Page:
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Lecture | LUCIS What's New?! series

Words Laying Down the ‘Modern’ Law: The Language Overhaul at the Root of ‘Modern’ Egypt (1822-1848)

Thursday 3 December 2020
What's New?! Fall 2020 Lecture Series
This is an online event. Please register to receive the link to the lecture.

In nineteenth-century Egypt, a new vocabulary for law and governance progressively emerged and shaped the way in which institutions functioned.  The articulation of this vocabulary both reflected and facilitated a closer, analytical appreciation of the functioning of law beyond the gates of confessional courts and other religious institutions.

Gianluca Parolin zooms in on the second quarter of the century (1822-1848) to consider various sites of experimentation of this language overhaul and various instances of such trials.  In particular, he considers a manuscript translation of Machiavelli’s Prince, the practices of the early issues of the Official Gazette (al-Waqāʾiʿ al-Miṣriyya) with both foreign and domestic governance structures, and finally Ṭahṭāwī’s experiments both in his canonical Taḫlīṣ al-Ibrīz and when directing the Official Gazette.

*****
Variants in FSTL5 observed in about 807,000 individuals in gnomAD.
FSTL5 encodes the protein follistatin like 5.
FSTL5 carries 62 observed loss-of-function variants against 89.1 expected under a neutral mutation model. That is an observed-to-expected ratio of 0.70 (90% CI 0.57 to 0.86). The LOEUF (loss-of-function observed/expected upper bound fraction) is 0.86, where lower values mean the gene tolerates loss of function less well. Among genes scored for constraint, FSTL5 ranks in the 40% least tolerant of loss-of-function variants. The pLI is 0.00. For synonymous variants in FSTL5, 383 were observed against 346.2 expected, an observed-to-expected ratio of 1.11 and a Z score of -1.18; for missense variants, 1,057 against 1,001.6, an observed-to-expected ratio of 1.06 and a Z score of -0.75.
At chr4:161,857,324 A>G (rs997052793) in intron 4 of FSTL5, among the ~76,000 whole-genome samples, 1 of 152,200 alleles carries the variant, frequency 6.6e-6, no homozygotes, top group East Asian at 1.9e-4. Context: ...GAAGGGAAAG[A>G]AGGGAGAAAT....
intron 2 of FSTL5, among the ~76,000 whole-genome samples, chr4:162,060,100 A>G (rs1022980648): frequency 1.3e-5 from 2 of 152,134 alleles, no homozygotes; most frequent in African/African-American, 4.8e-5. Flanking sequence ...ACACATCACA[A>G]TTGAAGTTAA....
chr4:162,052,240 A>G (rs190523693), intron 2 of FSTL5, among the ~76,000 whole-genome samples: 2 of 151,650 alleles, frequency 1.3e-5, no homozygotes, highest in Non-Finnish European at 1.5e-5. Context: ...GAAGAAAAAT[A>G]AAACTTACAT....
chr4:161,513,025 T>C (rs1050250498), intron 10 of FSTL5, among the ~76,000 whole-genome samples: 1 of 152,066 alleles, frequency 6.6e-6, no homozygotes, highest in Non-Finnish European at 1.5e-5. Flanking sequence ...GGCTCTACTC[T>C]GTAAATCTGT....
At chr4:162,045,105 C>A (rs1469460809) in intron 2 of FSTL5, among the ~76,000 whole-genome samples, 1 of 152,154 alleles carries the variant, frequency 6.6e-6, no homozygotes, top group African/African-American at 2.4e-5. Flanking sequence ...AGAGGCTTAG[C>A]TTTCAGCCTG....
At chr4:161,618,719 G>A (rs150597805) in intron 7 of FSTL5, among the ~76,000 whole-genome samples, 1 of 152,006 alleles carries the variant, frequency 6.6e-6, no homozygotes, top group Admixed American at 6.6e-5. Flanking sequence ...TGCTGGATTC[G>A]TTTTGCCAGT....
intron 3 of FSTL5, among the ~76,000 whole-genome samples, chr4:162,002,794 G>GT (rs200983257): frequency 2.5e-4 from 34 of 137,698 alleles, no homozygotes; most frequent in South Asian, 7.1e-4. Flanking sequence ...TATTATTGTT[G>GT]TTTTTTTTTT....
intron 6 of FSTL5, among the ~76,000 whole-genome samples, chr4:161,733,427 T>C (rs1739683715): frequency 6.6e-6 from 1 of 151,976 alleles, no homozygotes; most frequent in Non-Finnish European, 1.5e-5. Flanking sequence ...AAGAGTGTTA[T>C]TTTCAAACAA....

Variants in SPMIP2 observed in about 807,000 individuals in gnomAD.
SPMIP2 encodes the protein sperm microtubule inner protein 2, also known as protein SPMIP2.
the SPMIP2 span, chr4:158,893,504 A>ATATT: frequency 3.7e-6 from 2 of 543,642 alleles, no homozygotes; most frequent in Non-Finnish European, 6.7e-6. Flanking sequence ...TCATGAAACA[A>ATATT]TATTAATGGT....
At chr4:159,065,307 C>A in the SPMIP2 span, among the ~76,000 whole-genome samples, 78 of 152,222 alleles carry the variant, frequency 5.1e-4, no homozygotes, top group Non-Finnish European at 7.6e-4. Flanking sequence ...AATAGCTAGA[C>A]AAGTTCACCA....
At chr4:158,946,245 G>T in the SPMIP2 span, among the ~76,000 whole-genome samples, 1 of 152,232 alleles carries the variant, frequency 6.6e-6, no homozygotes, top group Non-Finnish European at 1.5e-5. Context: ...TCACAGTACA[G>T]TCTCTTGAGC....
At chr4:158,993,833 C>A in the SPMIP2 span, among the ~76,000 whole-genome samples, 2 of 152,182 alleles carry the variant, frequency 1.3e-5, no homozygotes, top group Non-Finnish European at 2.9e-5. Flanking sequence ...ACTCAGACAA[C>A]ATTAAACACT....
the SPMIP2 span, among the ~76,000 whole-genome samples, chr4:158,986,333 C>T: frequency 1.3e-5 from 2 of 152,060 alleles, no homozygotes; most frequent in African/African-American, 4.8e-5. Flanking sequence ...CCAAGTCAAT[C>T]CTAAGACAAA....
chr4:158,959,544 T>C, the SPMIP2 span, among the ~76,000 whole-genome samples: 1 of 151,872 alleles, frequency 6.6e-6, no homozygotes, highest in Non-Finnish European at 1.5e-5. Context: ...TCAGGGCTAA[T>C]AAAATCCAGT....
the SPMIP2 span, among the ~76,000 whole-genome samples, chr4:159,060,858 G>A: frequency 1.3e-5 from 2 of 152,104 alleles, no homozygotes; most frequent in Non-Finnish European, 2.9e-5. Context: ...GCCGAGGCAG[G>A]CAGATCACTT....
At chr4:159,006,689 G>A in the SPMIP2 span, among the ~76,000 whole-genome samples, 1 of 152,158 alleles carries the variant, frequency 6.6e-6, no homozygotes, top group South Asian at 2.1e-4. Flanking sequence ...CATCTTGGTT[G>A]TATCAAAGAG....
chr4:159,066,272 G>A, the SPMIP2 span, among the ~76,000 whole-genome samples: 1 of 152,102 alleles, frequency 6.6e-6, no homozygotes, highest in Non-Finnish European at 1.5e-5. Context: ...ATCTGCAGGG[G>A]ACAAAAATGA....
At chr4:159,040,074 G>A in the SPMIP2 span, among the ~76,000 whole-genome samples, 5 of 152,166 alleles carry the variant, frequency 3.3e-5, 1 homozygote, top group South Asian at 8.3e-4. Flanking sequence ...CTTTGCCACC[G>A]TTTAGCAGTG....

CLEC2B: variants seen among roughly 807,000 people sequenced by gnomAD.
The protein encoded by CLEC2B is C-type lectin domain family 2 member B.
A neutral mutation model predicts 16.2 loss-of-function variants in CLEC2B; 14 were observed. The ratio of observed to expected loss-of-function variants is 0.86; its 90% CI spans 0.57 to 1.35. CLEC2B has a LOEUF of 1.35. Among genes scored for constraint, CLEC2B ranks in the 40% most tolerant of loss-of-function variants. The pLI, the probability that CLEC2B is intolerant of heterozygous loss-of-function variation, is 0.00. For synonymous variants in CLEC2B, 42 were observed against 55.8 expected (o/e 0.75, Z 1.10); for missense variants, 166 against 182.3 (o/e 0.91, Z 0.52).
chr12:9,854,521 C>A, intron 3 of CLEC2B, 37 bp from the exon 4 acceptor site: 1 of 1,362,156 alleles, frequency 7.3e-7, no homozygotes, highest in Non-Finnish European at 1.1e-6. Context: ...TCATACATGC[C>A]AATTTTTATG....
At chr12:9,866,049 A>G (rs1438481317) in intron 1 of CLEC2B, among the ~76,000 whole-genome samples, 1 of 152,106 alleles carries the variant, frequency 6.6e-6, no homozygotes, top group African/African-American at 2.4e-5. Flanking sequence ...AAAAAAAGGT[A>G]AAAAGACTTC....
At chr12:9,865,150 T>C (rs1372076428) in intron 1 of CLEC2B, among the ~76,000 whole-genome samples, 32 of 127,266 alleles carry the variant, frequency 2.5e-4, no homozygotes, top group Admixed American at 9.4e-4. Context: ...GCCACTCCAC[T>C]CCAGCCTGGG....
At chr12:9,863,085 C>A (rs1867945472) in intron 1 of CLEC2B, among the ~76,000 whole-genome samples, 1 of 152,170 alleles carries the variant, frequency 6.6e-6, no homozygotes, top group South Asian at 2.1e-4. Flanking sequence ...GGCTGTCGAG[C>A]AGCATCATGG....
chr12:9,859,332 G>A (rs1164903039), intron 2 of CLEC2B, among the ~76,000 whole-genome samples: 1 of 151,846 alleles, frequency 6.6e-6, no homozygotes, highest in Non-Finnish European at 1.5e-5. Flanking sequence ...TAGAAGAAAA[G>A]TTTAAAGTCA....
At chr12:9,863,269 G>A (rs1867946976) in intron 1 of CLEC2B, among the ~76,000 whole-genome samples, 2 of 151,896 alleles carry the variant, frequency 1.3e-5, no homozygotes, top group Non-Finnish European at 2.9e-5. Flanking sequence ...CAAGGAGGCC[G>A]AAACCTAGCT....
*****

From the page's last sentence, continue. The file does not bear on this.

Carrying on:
About Gianluca Parolin

Gianluca Parolin is a comparative constitutional lawyer of the Middle East, and is Professor of Law at the Aga Khan University in London, where he also leads the Governance Programme.   He previously taught at AUC and Cairo U (2008-2015).  He holds a PhD in Public Law from the University of Turin (2006).

Gianluca’s current research interests heavily focus on the transformations of the semiotics of law.  Taking Egypt as a case study, he engages with two particular moments: the articulation of a new semiotics for law and governance in the second quarter of the 19th century (as emerging from the newly established official gazette, and the early translations on law and governance) and contemporary articulations of different semiotics of law in popular culture (current Ramadan TV series).

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